|Big Run-Seneca Creek-Lost Meadows Backpack|
This is a 24.6 mile composite of
Allegheny Mt-Seneca Creek Loop,
Lumberjack Tr-Seneca Creek Loop and the Spruce
Knob-Seneca Creel Backpack. Both of these hikes are quite
popular. To provide a bit more of a sense of seclusion, part of
the Big Run Trail and the
North Prong trail have been added to the circuit. Each pass
through or along
meadows seldom visited by hikers. Further adding to the
adventure is a 7 mile pack-less excursion of the
High Meadows which includes two previously un-described
meadows, the highest of which is the
largest and grandest one we've yet to encounter in this
venue. Add these to the ever beautiful "official" High Meadows
and the water works of the creek and you have one of the best
hikes in the area.
Safety Note: There are approximately 7 creek crossings and a few crossings of North Prong. The latter are seldom an issue but during periods of high water the former can be pretty challenging.
The hike begins at the Big Run-Allegheny Mountain Trailhead.
Printable/Downloadable Map (11X17)
Trail Notes: All trails are blazed with blue diamonds except the one that goes to the "Lost Meadow". It is not blazed.
Day 1: As you look at the kiosk the Allegheny Mountain Trail is to the right behind a yellow forest gate. The Big Run Trail is just to the left of the kiosk. Follow it as you descend steeply, crossing two tributaries and then Big Run itself. After this last crossing the trail will at times be on an old railroad grade. Initially you'll be in deep woods but as the trail flattens out you'll skirt a couple of nice meadows. At 1.57 pass a small campsite in the spruce to the right, cross a stream and turn right onto the North Prong Trail. This is also an old railroad grade and crosses the stream about four times. In 1.24 miles pass an old bridge across the stream and the Elza Trail on the left. The trail then begins a gradual climb on a double track road as it skirts an upper meadow. This is the last chance to get water until camp. As you near the top of Allegheny Mountain you'll walk through two grassy hunter's plots. In 1.62 miles from the Elza Trail arrive at the Allegheny Mountain Trail. Turn left.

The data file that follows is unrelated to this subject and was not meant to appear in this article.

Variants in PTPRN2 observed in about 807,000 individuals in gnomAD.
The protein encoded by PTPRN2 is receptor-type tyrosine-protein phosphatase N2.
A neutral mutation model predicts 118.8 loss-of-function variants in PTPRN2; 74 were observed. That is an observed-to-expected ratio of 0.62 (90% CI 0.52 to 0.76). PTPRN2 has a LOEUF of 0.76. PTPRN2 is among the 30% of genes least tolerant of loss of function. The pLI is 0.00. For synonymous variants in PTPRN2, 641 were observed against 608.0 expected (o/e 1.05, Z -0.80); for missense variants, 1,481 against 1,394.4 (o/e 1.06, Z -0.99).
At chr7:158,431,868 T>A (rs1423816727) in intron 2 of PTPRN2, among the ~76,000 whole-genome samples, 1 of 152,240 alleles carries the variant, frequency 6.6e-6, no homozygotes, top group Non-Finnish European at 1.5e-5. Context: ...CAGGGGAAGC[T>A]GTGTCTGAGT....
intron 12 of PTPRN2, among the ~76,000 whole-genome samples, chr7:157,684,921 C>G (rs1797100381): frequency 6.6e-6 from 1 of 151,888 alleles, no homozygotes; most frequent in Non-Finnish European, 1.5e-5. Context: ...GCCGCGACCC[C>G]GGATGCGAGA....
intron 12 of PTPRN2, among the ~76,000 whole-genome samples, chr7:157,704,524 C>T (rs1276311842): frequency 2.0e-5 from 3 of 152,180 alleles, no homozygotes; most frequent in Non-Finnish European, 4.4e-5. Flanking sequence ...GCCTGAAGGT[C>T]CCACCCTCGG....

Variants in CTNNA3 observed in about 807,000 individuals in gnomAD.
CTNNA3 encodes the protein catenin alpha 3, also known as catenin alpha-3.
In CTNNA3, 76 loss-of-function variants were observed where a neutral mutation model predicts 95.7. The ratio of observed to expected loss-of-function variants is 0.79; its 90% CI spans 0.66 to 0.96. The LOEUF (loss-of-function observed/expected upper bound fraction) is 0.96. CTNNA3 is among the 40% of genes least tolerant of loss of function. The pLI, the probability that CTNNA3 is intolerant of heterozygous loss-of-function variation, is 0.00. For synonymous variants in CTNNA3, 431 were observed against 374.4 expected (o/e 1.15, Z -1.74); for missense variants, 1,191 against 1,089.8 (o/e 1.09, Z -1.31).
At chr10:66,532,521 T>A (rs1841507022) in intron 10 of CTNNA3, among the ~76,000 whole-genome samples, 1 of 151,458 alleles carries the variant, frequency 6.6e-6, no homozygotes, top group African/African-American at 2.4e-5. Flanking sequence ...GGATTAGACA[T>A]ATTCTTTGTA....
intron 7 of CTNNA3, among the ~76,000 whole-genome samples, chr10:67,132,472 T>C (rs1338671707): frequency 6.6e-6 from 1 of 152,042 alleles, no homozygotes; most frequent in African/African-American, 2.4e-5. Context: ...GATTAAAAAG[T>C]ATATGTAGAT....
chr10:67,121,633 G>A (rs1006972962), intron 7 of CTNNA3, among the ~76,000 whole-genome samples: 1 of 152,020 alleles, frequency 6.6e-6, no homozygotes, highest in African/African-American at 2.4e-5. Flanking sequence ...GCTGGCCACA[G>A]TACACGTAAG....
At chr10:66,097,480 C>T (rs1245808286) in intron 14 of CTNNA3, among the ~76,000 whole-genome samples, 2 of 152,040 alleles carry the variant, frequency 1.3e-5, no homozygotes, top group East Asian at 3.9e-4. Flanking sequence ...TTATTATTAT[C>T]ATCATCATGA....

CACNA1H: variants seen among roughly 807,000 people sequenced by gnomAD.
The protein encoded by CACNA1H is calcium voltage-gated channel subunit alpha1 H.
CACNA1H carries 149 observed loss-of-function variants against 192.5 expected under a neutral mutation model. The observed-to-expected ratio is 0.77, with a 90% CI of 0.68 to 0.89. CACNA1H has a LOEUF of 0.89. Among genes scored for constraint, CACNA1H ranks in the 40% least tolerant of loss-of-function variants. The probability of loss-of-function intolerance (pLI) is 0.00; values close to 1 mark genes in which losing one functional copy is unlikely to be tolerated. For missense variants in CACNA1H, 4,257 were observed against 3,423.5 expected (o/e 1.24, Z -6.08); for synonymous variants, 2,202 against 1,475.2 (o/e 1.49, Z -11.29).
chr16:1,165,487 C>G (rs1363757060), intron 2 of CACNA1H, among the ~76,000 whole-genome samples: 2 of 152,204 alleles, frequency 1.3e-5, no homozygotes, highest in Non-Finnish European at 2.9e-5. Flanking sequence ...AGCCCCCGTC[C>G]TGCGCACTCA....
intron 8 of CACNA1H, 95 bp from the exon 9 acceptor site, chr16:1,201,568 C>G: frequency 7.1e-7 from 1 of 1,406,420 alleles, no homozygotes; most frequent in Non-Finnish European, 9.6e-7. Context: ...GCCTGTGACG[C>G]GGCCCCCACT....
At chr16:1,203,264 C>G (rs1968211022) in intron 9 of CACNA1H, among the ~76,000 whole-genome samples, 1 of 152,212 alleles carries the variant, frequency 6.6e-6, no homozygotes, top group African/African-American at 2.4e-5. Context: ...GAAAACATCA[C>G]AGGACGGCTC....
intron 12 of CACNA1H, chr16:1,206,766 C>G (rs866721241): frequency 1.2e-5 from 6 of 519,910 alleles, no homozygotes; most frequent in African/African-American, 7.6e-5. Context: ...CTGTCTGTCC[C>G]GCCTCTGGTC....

In 0.56 miles pass the Leading Ridge Trail on the left. In another 0.47 miles cross Swallow Rock Trail. In 1.32 miles cross the Bear Hunters Trail and in 1.73 miles pass Spring Ridge Trail on the left. Pass through a wildlife clearing and turn right onto the Horton Trail, a footpath that will quickly deposit you at the banks of Seneca Creek in 1.09 miles. There is a small campsite above the creek if you wish to call it a day but the best campsites are below Seneca Falls. Cross the creek and turn right on Seneca Creek Trail (another RR grade). Soon you'll notice a "siding" with three nice campsites. Of course, the most coveted one is that which is closest to the falls. If these are occupied there is another site above the falls but you'll have to ford the creek again. You've hiked a total of 9.8 miles at this point. If planning on doing the following day hike set up camp here.
Day 2, 7.0 mile day hike: Assuming you camped below the falls grab your day pack and head upstream on the Seneca Creek Trail. Just before the ford above the falls turn left onto the Huckleberry trail. After a brief scamper up a footpath turn right onto another RR grade. Cross a stream and turn right (not left) onto yet another grade. In 0.46 miles pass the High Meadows Trail on the left (your return leg of the hike). Begin a gradual climb as the trail climbs Spruce Mountain at an angle. You'll visit a small meadow just before passing the Judy Springs Trail on the right at 0.91 miles from the High Meadows Trail and then a much larger meadow just before reaching the Lumberjack Trail. These meadows are full of Blackberries later in the summer.Turn left onto the Lumberjack Trail. You will still be gaining elevation but at such a slow rate it will barely be noticeable. Be prepared for some muddy going. This trail can be quite wet in places and never seems to dry out. In 2.07 miles the trail ends and the High Meadow Trail bears to the left. This is the only trail junction where there is no sign. If you wish to explore the "Lost Meadow" continue straight on the old RR grade. as of this writing it is blocked by a couple of fallen trees but it is easy enough to work your way around them. In a very short distance there will be a small meadow on the left. you can either follow the right edge of it or stay on the grade (becoming overgrown at this point) to a nice campsite. Pass through the campsite and enter a larger meadow partially lined with Red Spruce. Cross the meadow on a slight diagonal to the left and find the continuation of the RR grade through the evergreen forest. In a matter of a couple of hundred yards enter the "Lost Meadow" with grand views all around you. We strongly recommend you turn left at a cairn and walk up the hill to a large rock to get one of the best views of the trip.